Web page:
To Nerve (Inj Methylcobalamin 1500 mcg)
₹49.10 Include GST
Methylcobalamin in To Nerve is a form of vitamin B12. It can be used to treat certain conditions such as neuropathy, ALS, and certain types of anemia. Cyanocobalamin is a man-made form of vitamin B12 used to treat low levels (deficiency) of this vitamin. Vitamin B12 helps your body use fat and carbohydrates for energy and makes new protein. It is also important for normal blood, cells, and nerves.
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Composition: Methylcobalamin 1500mcg,
Pack: 52 ml
What is methylcobalamin in To Nerve for?
It is used to prevent and treat low vitamin B12, lack of vitamin B12 may cause anemia and damage to the nerves. It is used to treat diabetic neuropathy and peripheral neuropathy. It is an essential nutrient that helps the body makes healthy red blood and nerve cells.
Common side effects of To Nerve:
Common side effects are headache, nausea, vomiting, and diarrhea, loss of appetite, skin rash and hot flushes.
What do I do if I miss a dose?
Take a missed dose as soon as you think about it. If it is close to the time for your next dose, skip the missed dose and go back to your normal time. Do not take 2 doses at the same time or extra doses.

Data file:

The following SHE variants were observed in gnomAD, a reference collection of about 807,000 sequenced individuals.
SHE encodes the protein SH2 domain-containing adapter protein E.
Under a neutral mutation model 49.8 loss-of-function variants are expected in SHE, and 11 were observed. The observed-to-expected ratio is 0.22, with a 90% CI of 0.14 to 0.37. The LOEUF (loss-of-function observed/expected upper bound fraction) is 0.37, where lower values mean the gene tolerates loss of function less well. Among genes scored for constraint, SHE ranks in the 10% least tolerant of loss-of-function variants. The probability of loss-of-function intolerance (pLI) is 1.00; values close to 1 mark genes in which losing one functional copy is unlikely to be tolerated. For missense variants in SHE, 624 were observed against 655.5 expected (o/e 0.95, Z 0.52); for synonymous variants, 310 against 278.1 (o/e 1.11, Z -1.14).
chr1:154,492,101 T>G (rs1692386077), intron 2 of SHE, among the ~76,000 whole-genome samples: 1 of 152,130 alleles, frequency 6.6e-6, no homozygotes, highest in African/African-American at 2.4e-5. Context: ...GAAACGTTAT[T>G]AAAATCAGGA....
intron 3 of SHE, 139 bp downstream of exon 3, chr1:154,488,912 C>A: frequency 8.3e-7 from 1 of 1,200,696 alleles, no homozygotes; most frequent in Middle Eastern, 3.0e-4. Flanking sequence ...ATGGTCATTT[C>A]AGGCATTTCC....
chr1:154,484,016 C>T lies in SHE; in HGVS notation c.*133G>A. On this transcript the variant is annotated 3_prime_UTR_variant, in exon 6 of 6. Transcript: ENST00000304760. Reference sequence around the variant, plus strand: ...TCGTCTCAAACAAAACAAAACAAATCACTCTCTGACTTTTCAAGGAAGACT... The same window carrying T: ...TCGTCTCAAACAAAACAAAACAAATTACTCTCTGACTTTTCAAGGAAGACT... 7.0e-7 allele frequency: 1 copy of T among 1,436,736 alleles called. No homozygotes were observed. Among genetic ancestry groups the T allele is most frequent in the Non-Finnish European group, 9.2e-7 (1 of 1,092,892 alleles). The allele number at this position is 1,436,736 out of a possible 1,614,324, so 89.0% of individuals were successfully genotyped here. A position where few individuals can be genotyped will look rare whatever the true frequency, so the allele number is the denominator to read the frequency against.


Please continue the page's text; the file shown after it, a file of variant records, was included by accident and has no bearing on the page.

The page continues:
What precautions should I take when taking To Nerve?
Tell your doctor if you are allergic to any drugs.
When do I need to seek medical help?
Seek help if you have signs of a very bad reaction to the drug. These include wheezing; chest tightness; fever; itching; bad cough; blue or gray skin color; seizures; or swelling of face, lips, tongue, or throat.
Can I take methylcobalamin with other medicines?
Use with neomycin, aminosalicylic acid, cimetidine and cochicine will decrease absorption. Inform doctor about all other drugs you are taking including herbals.
Are there any food restrictions?
Unless your doctor tells you otherwise, continue with your normal diet.
How do I store To Nerve?
Store in a cool, dry place away from the reach of children, medicines must not be used past the expiry date.
Category A: Adequate and well-controlled human studies have failed to demonstrate a risk to the fetus in the first trimester of pregnancy (and there is no evidence of risk in later trimesters). More detailsâ¦